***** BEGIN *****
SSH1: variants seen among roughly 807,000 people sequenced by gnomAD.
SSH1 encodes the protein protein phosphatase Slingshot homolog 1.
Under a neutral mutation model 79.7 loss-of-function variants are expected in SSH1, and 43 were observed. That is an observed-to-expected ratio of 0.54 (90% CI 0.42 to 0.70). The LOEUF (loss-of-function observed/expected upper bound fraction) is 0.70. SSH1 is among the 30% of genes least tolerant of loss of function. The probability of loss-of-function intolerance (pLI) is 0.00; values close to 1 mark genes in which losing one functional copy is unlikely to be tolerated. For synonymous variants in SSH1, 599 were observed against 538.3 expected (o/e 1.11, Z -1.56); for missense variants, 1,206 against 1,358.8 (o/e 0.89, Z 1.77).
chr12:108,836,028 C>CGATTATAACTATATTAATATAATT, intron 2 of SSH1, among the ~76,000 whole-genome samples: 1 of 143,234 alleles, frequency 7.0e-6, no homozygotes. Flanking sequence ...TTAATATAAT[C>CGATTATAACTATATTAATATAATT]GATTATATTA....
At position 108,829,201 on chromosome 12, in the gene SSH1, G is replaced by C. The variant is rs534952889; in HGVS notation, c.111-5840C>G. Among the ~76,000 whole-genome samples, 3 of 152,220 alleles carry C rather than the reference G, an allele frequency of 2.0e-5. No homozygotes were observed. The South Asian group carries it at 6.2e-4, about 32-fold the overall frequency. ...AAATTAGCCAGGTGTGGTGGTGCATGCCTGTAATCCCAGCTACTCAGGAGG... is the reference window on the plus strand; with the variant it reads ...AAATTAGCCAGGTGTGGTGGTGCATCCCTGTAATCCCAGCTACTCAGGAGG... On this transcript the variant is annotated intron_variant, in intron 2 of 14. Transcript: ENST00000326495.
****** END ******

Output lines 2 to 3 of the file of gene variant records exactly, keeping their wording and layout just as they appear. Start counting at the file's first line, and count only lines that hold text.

SSH1 encodes the protein protein phosphatase Slingshot homolog 1.
Under a neutral mutation model 79.7 loss-of-function variants are expected in SSH1, and 43 were observed. That is an observed-to-expected ratio of 0.54 (90% CI 0.42 to 0.70). The LOEUF (loss-of-function observed/expected upper bound fraction) is 0.70. SSH1 is among the 30% of genes least tolerant of loss of function. The probability of loss-of-function intolerance (pLI) is 0.00; values close to 1 mark genes in which losing one functional copy is unlikely to be tolerated. For synonymous variants in SSH1, 599 were observed against 538.3 expected (o/e 1.11, Z -1.56); for missense variants, 1,206 against 1,358.8 (o/e 0.89, Z 1.77).